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Due to recent announcements about Autumn Quarter (see the President's update), please expect ongoing changes to the class schedule.

1 - 10 of 36 results for: PUBLPOL ; Currently searching winter courses. You can expand your search to include all quarters

PUBLPOL 100: Hoover Institution National Security Affairs Fellows Mentorship Program

This course is designed to give Stanford undergraduates an introduction to civil-military relations, leadership development, and operational aspects of American foreign policy. Admitted undergraduates will be mentored by a distinguished leader from the Army, Navy, Air Force, Marine Corps, Coast Guard, or State Department for the Fall, Winter and Spring quarters of the 2020-21 academic year. Participation in all three quarters is required. These military leaders and diplomats are part of the Hoover Institution¿s National Security Affairs Fellows program. The course will be held on Zoom and the scheduled class time will be used for group activities, lectures from the National Security Affairs Fellows on their experiences in the military and the State Department, small group meetings with mentees and mentors, and special sessions with senior American foreign policy leaders. At the end of each quarter, students write short reflection papers. No expertise in international affairs is necessary to apply and all majors are welcome. Selection is based on academic excellence, extracurricular leadership, and interest in international affairs. The program is directed by Dr. Amy Zegart. To apply, send a cover letter and resume to Taylor McLamb (twj@stanford.edu) by September 1, 2020.
Terms: Aut, Win, Spr | Units: 1 | Repeatable 3 times (up to 3 units total)
Instructors: Zegart, A. (PI)

PUBLPOL 104: Economic Policy Analysis (ECON 150, PUBLPOL 204)

The relationship between microeconomic analysis and public policy making. How economic policy analysis is done and why political leaders regard it as useful but not definitive in making policy decisions. Economic rationales for policy interventions, methods of policy evaluation and the role of benefit-cost analysis, economic models of politics and their application to policy making, and the relationship of income distribution to policy choice. Theoretical foundations of policy making and analysis, and applications to program adoption and implementation. Prerequisites: ECON 50 and ECON 102B. Undergraduate Public Policy students are required to take this class for a letter grade and enroll in this class for five units.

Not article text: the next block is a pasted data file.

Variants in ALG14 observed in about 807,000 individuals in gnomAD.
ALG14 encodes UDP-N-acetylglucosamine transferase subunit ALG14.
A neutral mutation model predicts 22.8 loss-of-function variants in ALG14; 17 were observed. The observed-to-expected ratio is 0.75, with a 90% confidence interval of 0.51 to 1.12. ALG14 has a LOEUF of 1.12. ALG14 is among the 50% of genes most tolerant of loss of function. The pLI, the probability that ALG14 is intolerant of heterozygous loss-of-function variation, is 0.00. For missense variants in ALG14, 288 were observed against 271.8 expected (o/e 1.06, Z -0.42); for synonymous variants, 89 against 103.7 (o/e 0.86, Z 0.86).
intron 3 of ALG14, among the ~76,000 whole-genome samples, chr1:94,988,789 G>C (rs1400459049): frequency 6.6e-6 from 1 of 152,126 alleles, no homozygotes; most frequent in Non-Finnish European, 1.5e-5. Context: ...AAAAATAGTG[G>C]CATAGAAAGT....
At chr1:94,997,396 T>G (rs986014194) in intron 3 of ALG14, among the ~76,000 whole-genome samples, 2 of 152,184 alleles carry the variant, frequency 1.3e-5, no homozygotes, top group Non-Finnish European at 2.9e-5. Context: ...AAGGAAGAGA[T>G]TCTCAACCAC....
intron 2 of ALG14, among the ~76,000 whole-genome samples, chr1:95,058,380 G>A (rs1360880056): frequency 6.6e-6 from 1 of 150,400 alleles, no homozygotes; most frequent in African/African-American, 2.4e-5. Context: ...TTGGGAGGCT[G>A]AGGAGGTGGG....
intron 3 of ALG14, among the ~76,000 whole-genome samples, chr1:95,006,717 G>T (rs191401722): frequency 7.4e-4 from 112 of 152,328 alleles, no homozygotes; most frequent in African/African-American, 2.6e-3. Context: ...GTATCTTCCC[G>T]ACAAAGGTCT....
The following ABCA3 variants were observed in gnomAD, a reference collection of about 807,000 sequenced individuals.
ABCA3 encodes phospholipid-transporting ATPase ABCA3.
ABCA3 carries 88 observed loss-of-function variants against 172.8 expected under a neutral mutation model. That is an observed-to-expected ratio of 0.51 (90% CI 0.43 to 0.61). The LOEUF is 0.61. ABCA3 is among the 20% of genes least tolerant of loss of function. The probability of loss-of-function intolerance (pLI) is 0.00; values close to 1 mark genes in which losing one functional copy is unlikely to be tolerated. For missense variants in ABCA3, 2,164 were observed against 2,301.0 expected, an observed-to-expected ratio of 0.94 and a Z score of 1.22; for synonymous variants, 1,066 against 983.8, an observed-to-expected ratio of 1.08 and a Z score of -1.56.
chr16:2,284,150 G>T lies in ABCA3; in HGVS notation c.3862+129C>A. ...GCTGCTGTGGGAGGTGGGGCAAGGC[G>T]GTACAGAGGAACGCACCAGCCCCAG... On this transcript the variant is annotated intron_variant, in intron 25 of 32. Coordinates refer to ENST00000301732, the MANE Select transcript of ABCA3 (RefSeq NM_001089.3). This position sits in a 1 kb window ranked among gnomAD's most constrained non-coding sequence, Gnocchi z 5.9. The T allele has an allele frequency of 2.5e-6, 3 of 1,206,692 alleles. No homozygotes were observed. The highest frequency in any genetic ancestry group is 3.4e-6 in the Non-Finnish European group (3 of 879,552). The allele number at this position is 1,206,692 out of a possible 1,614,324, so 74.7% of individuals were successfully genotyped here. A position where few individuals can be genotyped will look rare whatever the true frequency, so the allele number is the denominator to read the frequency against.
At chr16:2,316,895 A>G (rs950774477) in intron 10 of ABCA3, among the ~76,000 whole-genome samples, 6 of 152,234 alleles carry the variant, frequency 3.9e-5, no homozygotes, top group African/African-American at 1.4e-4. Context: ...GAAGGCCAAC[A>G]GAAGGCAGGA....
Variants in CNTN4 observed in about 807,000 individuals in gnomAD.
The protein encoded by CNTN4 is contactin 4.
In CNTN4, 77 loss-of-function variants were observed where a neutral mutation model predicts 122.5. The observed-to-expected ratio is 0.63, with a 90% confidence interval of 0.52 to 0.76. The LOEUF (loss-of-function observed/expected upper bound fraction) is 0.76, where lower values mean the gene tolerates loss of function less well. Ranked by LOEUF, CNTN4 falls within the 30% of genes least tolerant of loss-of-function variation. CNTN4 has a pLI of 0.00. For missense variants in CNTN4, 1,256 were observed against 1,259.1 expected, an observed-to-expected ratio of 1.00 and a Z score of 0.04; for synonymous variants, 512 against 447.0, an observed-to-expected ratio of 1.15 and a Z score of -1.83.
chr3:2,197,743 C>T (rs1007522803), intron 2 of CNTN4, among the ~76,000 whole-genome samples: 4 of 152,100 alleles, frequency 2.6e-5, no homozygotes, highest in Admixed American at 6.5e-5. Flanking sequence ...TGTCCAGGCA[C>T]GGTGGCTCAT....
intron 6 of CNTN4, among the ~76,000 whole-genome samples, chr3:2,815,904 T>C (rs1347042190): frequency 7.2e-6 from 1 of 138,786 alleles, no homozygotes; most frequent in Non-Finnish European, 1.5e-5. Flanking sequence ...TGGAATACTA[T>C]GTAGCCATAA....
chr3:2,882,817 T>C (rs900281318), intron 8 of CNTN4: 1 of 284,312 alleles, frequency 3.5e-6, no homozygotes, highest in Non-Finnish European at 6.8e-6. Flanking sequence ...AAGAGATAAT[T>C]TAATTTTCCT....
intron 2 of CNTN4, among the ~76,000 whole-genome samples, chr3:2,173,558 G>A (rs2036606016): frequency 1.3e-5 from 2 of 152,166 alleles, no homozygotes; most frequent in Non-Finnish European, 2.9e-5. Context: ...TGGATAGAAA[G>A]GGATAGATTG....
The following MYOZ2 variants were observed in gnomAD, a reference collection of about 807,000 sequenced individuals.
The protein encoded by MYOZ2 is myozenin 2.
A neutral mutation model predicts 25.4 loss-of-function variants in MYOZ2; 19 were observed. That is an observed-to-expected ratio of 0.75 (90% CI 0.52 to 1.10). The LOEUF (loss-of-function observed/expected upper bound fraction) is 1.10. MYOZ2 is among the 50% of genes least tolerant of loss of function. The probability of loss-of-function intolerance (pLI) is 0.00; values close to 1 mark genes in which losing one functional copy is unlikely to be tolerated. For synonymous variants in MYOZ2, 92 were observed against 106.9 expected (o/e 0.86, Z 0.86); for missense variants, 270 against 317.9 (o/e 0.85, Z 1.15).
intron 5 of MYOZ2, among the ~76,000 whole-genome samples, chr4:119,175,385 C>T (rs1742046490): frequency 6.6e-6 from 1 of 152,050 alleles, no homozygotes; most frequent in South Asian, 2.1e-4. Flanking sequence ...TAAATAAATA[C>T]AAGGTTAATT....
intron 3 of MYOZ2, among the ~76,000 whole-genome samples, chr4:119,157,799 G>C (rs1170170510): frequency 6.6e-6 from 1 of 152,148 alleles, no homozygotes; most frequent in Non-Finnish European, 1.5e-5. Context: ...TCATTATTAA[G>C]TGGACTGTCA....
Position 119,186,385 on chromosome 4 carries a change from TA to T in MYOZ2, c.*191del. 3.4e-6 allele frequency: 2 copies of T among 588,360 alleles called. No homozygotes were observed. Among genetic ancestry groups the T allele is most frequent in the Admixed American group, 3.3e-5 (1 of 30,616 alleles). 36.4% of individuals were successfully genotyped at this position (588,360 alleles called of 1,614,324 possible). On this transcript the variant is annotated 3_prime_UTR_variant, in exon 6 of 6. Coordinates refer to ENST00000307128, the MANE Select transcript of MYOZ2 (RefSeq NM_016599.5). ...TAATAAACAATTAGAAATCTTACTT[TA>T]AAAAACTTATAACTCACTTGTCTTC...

Terms: Win | Units: 4-5 | UG Reqs: WAY-AQR
Instructors: Rosston, G. (PI)

PUBLPOL 115: Practical Training

Qualified Public Policy students obtain employment in a relevant research or industrial activity to enhance their professional experience consistent with their degree programs. Prior to enrolling students must get internship approved by the Public Policy Program. At the start of the quarter, students must submit a one page statement showing the relevance of the employment to the degree program along with an offer letter. At the end of the quarter, a three page final report must be supplied documenting work done and relevance to degree program. Meets the requirements for Curricular Practical Training for students on F-1 visas. May be repeated for credit.
Terms: Aut, Win, Spr, Sum | Units: 1-5 | Repeatable for credit

PUBLPOL 118Y: Shaping the Future of the Bay Area (CEE 118Y, CEE 218Y, ESS 118Y, ESS 218Y, GEOLSCI 118Y, GEOLSCI 218Y, GEOPHYS 118Y, GEOPHYS 218Y, POLISCI 218Y, PUBLPOL 218Y)

Students are placed in small interdisciplinary teams (engineers and non-engineers, undergraduate and graduate level) to work on complex design, engineering, and policy problems presented by external partners in a real urban setting. Multiple projects are offered and may span both Winter and Spring quarters; students are welcome to participate in one or both quarters. Students are expected to interact professionally with government and community stakeholders, conduct independent team work outside of class sessions, and submit deliverables over a series of milestones. Prerequisite: the Autumn (X) skills course or approval of instructors. For information about the projects and application process, visit http://bay.stanford.edu.
Terms: Win | Units: 3-5 | Repeatable 2 times (up to 10 units total)

PUBLPOL 122: BioSecurity and Pandemic Resilience (BIOE 122, EMED 122, EMED 222, PUBLPOL 222)